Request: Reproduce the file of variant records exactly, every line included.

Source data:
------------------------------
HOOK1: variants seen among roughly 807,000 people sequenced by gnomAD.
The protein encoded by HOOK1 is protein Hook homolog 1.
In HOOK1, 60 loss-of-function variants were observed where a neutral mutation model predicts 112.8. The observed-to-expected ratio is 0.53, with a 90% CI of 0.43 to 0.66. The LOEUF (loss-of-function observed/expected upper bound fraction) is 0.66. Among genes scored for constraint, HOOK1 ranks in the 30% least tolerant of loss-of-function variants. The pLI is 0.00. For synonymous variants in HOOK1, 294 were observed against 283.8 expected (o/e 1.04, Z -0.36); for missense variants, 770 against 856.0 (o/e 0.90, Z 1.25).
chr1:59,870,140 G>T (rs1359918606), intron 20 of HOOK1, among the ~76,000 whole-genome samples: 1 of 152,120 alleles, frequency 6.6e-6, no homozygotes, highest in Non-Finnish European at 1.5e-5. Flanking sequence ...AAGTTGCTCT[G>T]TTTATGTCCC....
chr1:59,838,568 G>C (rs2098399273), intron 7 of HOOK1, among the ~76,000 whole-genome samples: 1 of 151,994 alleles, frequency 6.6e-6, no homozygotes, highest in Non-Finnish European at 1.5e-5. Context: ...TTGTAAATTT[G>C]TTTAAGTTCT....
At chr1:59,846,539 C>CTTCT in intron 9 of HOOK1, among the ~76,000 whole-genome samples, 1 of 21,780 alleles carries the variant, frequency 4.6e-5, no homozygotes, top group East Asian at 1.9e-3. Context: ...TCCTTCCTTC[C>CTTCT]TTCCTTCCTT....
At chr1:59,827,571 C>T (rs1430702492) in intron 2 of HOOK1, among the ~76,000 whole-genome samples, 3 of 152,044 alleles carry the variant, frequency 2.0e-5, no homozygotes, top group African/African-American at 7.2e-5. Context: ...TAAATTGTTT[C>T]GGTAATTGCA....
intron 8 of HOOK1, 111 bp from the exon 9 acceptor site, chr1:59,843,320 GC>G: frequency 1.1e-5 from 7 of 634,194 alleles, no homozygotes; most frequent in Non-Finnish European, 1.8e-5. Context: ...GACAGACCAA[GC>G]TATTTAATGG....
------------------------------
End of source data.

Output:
HOOK1: variants seen among roughly 807,000 people sequenced by gnomAD.
The protein encoded by HOOK1 is protein Hook homolog 1.
In HOOK1, 60 loss-of-function variants were observed where a neutral mutation model predicts 112.8. The observed-to-expected ratio is 0.53, with a 90% CI of 0.43 to 0.66. The LOEUF (loss-of-function observed/expected upper bound fraction) is 0.66. Among genes scored for constraint, HOOK1 ranks in the 30% least tolerant of loss-of-function variants. The pLI is 0.00. For synonymous variants in HOOK1, 294 were observed against 283.8 expected (o/e 1.04, Z -0.36); for missense variants, 770 against 856.0 (o/e 0.90, Z 1.25).
chr1:59,870,140 G>T (rs1359918606), intron 20 of HOOK1, among the ~76,000 whole-genome samples: 1 of 152,120 alleles, frequency 6.6e-6, no homozygotes, highest in Non-Finnish European at 1.5e-5. Flanking sequence ...AAGTTGCTCT[G>T]TTTATGTCCC....
chr1:59,838,568 G>C (rs2098399273), intron 7 of HOOK1, among the ~76,000 whole-genome samples: 1 of 151,994 alleles, frequency 6.6e-6, no homozygotes, highest in Non-Finnish European at 1.5e-5. Context: ...TTGTAAATTT[G>C]TTTAAGTTCT....
At chr1:59,846,539 C>CTTCT in intron 9 of HOOK1, among the ~76,000 whole-genome samples, 1 of 21,780 alleles carries the variant, frequency 4.6e-5, no homozygotes, top group East Asian at 1.9e-3. Context: ...TCCTTCCTTC[C>CTTCT]TTCCTTCCTT....
At chr1:59,827,571 C>T (rs1430702492) in intron 2 of HOOK1, among the ~76,000 whole-genome samples, 3 of 152,044 alleles carry the variant, frequency 2.0e-5, no homozygotes, top group African/African-American at 7.2e-5. Context: ...TAAATTGTTT[C>T]GGTAATTGCA....
intron 8 of HOOK1, 111 bp from the exon 9 acceptor site, chr1:59,843,320 GC>G: frequency 1.1e-5 from 7 of 634,194 alleles, no homozygotes; most frequent in Non-Finnish European, 1.8e-5. Context: ...GACAGACCAA[GC>G]TATTTAATGG....